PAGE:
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Research Data Management (RDM): Data Storage & Security

Data management essentials for Melbourne Polytechnic researchers

Research data security: Essential considerations

Improper research data management practices can lead to significant security risks.  The types of risk encompass various areas of seriousness, including breaches of confidentiality, integrity, privacy, legality, and human risk. 

It's imperative for researchers to:

  • understand the types of risk that can occur
  • be aware of practices for securing and protecting research data

Research data security & storage: Basic principles

Know your research data:  what it is, and where it's located
Maintain an inventory of your data (and keep it up-to-date)
Record details of who owns the data created by the research
Be aware of the location in which the research data is held (eg repository, personal device etc)
Record the back-up details:  the parties responsible for data back-up; the location where backed-up data is held; the back-up frequency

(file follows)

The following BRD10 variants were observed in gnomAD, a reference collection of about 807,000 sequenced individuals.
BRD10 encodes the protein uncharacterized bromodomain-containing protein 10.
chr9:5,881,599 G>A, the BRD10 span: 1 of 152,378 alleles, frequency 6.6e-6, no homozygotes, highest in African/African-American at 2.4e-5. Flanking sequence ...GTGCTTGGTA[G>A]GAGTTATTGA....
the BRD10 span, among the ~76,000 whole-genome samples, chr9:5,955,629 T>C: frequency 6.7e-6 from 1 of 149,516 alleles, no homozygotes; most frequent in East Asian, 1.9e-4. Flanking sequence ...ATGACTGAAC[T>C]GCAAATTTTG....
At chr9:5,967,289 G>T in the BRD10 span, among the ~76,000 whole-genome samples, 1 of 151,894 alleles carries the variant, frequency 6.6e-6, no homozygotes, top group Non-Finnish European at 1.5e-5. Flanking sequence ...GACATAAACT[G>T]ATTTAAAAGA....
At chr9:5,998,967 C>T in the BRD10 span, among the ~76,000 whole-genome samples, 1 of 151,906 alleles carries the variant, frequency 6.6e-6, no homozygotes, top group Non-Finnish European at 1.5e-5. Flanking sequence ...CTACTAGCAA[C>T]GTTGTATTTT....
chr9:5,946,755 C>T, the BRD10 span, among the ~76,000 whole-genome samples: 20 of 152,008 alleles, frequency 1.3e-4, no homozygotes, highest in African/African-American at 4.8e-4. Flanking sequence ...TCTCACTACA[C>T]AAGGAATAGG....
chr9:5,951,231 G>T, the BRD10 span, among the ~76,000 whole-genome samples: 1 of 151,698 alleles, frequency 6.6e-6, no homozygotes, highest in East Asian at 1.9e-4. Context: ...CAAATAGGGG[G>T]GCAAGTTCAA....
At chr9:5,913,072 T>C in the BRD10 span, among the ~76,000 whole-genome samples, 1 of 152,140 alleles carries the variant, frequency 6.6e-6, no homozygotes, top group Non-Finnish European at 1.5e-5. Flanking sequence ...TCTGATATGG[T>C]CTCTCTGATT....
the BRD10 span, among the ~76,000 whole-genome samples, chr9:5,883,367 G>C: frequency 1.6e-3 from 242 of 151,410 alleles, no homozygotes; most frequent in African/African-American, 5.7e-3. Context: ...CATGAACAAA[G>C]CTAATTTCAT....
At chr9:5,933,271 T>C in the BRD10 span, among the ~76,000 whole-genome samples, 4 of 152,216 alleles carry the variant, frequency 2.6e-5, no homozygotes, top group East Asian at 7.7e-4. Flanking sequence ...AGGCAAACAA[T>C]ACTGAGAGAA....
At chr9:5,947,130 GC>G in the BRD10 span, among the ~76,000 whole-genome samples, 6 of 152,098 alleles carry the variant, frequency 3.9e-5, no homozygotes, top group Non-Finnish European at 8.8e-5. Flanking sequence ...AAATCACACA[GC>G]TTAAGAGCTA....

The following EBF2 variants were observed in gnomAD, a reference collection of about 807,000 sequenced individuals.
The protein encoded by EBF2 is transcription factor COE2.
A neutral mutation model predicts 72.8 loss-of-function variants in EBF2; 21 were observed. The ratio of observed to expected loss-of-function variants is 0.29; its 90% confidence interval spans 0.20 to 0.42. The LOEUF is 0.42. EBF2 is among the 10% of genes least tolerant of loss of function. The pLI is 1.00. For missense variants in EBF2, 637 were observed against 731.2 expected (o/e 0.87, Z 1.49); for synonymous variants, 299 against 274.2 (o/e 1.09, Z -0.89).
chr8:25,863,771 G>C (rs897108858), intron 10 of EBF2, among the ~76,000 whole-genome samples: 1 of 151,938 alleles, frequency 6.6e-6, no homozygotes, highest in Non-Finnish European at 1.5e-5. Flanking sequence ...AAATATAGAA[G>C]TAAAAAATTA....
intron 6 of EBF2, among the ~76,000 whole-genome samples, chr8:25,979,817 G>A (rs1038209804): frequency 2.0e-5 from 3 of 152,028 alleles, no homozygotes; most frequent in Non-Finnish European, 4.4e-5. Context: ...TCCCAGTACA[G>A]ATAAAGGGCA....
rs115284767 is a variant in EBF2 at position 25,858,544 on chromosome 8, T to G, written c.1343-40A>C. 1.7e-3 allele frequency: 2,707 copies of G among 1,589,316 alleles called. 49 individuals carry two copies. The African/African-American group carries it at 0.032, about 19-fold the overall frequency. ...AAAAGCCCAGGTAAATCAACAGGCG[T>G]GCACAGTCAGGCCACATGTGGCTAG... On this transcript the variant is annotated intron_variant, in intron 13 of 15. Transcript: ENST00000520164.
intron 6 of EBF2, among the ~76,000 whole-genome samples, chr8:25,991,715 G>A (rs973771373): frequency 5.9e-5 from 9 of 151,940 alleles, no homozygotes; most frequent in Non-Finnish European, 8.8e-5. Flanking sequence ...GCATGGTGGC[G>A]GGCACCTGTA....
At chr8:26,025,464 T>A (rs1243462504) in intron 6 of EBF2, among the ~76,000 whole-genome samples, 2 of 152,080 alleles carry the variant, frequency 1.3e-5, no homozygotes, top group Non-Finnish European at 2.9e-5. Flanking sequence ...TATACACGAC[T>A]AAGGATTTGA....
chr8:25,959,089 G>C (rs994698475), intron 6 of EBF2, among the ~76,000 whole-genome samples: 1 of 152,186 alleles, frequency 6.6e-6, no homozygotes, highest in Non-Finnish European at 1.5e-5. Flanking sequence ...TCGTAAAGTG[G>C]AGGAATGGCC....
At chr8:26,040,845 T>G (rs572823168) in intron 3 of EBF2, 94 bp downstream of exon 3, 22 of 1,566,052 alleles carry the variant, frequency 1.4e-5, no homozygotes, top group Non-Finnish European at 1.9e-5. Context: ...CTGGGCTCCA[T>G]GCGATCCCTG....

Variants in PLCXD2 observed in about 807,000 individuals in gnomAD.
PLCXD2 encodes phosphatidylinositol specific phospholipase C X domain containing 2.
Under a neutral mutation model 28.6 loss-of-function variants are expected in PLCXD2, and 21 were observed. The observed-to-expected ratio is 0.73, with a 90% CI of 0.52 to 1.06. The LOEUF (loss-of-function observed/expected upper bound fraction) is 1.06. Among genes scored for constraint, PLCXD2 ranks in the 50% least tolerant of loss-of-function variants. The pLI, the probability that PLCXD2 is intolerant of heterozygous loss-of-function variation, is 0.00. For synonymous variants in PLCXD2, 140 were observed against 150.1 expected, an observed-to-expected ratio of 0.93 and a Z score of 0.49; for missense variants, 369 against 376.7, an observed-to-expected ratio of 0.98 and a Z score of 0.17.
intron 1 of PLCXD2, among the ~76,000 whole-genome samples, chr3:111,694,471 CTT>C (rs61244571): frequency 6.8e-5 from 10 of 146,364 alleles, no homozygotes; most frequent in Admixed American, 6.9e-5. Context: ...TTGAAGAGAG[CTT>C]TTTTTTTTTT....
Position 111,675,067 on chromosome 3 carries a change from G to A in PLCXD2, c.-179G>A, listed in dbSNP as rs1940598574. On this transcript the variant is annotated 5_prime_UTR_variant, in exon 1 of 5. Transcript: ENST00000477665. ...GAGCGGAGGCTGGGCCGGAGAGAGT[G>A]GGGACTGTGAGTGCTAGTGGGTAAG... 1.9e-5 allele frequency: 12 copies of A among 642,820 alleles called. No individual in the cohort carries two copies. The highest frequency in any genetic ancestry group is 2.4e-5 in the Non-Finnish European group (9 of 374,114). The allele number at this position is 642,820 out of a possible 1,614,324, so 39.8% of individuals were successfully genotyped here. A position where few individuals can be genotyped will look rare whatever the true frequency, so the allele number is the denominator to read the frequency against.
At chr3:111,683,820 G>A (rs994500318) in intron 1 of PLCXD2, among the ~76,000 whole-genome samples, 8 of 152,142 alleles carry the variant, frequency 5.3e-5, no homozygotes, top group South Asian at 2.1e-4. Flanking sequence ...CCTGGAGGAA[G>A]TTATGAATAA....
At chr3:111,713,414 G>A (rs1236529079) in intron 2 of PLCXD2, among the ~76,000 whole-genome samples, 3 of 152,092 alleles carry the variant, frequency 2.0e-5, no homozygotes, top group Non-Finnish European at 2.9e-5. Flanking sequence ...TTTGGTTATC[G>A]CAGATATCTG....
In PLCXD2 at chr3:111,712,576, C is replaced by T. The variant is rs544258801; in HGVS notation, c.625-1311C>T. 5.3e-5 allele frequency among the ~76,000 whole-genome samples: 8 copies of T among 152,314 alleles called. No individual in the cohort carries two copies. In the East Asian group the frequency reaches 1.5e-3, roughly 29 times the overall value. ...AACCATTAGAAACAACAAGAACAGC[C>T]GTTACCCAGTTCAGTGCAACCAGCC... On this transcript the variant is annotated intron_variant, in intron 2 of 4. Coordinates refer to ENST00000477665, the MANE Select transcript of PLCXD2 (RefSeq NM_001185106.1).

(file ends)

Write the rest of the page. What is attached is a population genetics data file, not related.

Be vigilant about matters of confidentiality
Be alert to ethical requirements regarding the collection, storage and disclosure of personal and confidential information
When in doubt, seek expert advice to ensure that proper procedures for protecting personal identifying information and confidentiality are met

 

Understand the expectations placed on researchers
Various parties (including your own institution) will have input and expectations surrounding your research processes. 
Pay attention to their expectations, and be prepared.  Avoid uncertainty by seeking advice when in doubt

 

Research data security:  whose job is it?
Roles and responsibilities for research data management can be held across an institution
Take steps to identify "who does what" in the RDM space
You will find people capable of offering help and advice on a range of RDM matters
You may find Research Office staff; Institutional Repository and Library staff; and ICT people all playing unique roles in RDM processes

Source:  Educause, 2017, "Top information security concerns for researchers", https://www.educause.edu/focus-areas-and-initiatives/policy-and-security/cybersecurity-program/resources/information-security-guide/toolkits/top-information-security-concerns-for-researchers